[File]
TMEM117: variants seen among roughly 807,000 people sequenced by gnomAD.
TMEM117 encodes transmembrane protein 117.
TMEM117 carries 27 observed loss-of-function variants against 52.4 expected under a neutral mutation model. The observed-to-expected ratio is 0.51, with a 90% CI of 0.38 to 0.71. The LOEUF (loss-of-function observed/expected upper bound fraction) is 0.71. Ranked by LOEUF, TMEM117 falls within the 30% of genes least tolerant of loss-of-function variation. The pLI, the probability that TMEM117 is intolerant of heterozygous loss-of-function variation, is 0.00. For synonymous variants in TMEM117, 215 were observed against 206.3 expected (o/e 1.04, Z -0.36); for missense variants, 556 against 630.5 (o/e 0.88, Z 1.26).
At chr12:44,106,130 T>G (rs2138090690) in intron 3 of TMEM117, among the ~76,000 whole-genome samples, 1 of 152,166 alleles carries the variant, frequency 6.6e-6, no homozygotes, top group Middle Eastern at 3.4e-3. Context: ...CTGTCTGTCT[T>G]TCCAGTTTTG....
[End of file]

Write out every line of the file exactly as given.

TMEM117: variants seen among roughly 807,000 people sequenced by gnomAD.
TMEM117 encodes transmembrane protein 117.
TMEM117 carries 27 observed loss-of-function variants against 52.4 expected under a neutral mutation model. The observed-to-expected ratio is 0.51, with a 90% CI of 0.38 to 0.71. The LOEUF (loss-of-function observed/expected upper bound fraction) is 0.71. Ranked by LOEUF, TMEM117 falls within the 30% of genes least tolerant of loss-of-function variation. The pLI, the probability that TMEM117 is intolerant of heterozygous loss-of-function variation, is 0.00. For synonymous variants in TMEM117, 215 were observed against 206.3 expected (o/e 1.04, Z -0.36); for missense variants, 556 against 630.5 (o/e 0.88, Z 1.26).
At chr12:44,106,130 T>G (rs2138090690) in intron 3 of TMEM117, among the ~76,000 whole-genome samples, 1 of 152,166 alleles carries the variant, frequency 6.6e-6, no homozygotes, top group Middle Eastern at 3.4e-3. Context: ...CTGTCTGTCT[T>G]TCCAGTTTTG....